The Accounting Historians Journal Vol. 11, No. 2 Fall 1984
Gary John Previts CASE WESTERN RESERVE UNIVERSITY
FRAMEWORKS OF AMERICAN FINANCIAL ACCOUNTING THOUGHT: AN HISTORICAL PERSPECTIVE TO 1973
Abstract: The debate among accounting theoreticians as to the content and use-fulness of the Financial Accounting Standards Board's concept statements and its conceptual framework project can better be understood if a perspective of prior "framework" efforts is used. This paper interprets the principal prior efforts to produce a comprehensive conceptual framework for financial reports down to the time the FASB was formed in 1972. It shows that previous efforts were slow to evolve, and to respond to environmental changes. There is also evidence that a continuing "dynamic tension" has existed between the patterns proposed by practitioner groups and those of groups of academics.
The emergence of western market economies can be traced to about 1200 A.D., during the decline of the age of feudalism.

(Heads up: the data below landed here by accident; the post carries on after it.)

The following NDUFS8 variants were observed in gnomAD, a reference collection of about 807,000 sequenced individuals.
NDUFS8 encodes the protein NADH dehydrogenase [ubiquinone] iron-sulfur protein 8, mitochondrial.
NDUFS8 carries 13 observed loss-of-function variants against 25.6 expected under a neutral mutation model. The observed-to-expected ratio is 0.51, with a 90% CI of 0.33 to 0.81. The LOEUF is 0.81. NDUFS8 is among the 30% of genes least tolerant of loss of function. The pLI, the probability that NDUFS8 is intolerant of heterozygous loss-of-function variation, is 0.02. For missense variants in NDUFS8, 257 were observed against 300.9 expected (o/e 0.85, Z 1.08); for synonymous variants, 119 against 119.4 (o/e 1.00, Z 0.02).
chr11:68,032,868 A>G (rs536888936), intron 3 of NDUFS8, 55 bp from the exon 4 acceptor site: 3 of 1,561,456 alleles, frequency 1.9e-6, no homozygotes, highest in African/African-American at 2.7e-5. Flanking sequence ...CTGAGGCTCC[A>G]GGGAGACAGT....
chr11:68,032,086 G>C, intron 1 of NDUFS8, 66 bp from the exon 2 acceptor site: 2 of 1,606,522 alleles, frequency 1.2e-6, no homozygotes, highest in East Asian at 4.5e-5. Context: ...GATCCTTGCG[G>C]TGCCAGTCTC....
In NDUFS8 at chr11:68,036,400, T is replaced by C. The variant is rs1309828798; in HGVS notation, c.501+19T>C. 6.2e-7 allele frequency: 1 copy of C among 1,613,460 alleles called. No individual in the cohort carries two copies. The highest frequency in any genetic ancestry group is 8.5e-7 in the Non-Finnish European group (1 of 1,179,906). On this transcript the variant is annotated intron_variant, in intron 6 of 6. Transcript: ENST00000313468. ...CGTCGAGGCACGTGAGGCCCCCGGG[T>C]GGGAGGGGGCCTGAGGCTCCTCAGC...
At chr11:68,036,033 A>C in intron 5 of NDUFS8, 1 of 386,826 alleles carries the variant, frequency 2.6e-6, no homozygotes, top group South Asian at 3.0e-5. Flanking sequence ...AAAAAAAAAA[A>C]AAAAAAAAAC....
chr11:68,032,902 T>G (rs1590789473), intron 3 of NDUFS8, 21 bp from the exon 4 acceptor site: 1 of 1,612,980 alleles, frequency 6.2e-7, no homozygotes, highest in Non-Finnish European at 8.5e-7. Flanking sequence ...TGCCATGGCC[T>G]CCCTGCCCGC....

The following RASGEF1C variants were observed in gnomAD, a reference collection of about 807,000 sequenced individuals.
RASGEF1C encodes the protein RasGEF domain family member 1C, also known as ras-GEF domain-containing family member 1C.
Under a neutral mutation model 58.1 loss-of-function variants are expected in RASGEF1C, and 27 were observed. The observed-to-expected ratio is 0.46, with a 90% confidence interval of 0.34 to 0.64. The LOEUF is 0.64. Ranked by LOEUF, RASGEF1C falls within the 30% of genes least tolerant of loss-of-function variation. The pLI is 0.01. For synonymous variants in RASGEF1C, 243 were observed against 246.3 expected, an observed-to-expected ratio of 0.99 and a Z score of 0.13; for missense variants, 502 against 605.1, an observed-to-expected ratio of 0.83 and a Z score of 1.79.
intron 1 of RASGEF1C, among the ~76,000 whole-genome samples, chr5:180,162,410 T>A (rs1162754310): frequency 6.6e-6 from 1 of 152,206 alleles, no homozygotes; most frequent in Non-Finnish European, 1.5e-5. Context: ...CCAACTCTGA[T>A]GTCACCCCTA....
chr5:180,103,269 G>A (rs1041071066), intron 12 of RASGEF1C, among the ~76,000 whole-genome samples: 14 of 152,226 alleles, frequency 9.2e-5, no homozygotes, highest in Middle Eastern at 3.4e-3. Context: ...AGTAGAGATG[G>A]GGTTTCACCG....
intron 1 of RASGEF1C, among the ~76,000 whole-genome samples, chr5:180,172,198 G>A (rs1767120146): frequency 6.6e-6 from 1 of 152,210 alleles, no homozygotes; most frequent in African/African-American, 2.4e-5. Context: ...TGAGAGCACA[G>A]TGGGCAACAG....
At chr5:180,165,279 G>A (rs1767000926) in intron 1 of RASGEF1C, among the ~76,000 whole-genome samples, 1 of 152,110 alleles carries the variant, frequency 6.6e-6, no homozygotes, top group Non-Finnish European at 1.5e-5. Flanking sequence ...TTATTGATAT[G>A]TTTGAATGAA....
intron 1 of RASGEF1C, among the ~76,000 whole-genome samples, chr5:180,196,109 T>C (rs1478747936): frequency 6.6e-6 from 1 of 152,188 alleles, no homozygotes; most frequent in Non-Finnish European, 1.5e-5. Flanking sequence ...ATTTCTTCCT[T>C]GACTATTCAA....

It is from thirteenth century Tuscany, and especially from Florence and Siena, that modern accounting takes it roots. From this period and region came the earliest business accounts in debit and credit form; as distinct from manorial and public accounts in charge and discharge form, whose history goes back to classical Greece and Rome, and even, in some respects, to ancient Mesopotamia, Egypt, Crete and Mycenae. It was Tuscans also who, by a series of insights and tentative improvements, evolved, probably by 1300, that scheme of double entry bookkeeping which is now in use throughout the civilized world as the basis of every well-ordered accounting system. . .1
The author wishes to acknowledge the helpful comments provided by Edward Coffman, Kenneth Most, and the anonymous reviewers. An early version of this paper was presented at the DR Scott lectures in 1983.